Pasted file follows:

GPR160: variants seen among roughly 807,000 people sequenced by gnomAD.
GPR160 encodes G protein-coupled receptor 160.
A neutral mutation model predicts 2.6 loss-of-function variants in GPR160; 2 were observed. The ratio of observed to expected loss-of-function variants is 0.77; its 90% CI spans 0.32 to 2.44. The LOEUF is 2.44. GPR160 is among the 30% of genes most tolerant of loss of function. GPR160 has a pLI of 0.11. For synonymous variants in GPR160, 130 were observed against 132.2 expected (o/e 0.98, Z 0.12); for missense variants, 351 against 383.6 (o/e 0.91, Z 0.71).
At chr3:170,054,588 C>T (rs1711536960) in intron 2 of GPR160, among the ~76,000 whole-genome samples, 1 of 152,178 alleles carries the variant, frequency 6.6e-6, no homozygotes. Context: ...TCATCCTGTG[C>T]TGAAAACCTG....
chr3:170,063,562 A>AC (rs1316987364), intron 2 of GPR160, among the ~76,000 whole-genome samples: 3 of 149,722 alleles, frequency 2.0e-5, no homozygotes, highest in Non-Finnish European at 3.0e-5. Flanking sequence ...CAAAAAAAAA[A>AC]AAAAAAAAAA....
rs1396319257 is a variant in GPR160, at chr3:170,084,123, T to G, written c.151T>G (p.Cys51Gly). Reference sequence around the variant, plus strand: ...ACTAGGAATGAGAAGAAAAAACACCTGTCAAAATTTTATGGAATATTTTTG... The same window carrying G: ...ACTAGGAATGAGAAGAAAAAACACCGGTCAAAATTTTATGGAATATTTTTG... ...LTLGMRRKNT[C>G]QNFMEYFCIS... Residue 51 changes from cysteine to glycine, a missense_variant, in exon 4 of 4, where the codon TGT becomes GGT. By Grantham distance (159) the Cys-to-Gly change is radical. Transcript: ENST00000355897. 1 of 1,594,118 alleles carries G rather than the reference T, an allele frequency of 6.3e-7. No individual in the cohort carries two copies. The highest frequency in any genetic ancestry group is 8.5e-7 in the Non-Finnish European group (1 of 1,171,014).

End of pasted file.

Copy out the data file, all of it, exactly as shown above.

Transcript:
GPR160: variants seen among roughly 807,000 people sequenced by gnomAD.
GPR160 encodes G protein-coupled receptor 160.
A neutral mutation model predicts 2.6 loss-of-function variants in GPR160; 2 were observed. The ratio of observed to expected loss-of-function variants is 0.77; its 90% CI spans 0.32 to 2.44. The LOEUF is 2.44. GPR160 is among the 30% of genes most tolerant of loss of function. GPR160 has a pLI of 0.11. For synonymous variants in GPR160, 130 were observed against 132.2 expected (o/e 0.98, Z 0.12); for missense variants, 351 against 383.6 (o/e 0.91, Z 0.71).
At chr3:170,054,588 C>T (rs1711536960) in intron 2 of GPR160, among the ~76,000 whole-genome samples, 1 of 152,178 alleles carries the variant, frequency 6.6e-6, no homozygotes. Context: ...TCATCCTGTG[C>T]TGAAAACCTG....
chr3:170,063,562 A>AC (rs1316987364), intron 2 of GPR160, among the ~76,000 whole-genome samples: 3 of 149,722 alleles, frequency 2.0e-5, no homozygotes, highest in Non-Finnish European at 3.0e-5. Flanking sequence ...CAAAAAAAAA[A>AC]AAAAAAAAAA....
rs1396319257 is a variant in GPR160, at chr3:170,084,123, T to G, written c.151T>G (p.Cys51Gly). Reference sequence around the variant, plus strand: ...ACTAGGAATGAGAAGAAAAAACACCTGTCAAAATTTTATGGAATATTTTTG... The same window carrying G: ...ACTAGGAATGAGAAGAAAAAACACCGGTCAAAATTTTATGGAATATTTTTG... ...LTLGMRRKNT[C>G]QNFMEYFCIS... Residue 51 changes from cysteine to glycine, a missense_variant, in exon 4 of 4, where the codon TGT becomes GGT. By Grantham distance (159) the Cys-to-Gly change is radical. Transcript: ENST00000355897. 1 of 1,594,118 alleles carries G rather than the reference T, an allele frequency of 6.3e-7. No individual in the cohort carries two copies. The highest frequency in any genetic ancestry group is 8.5e-7 in the Non-Finnish European group (1 of 1,171,014).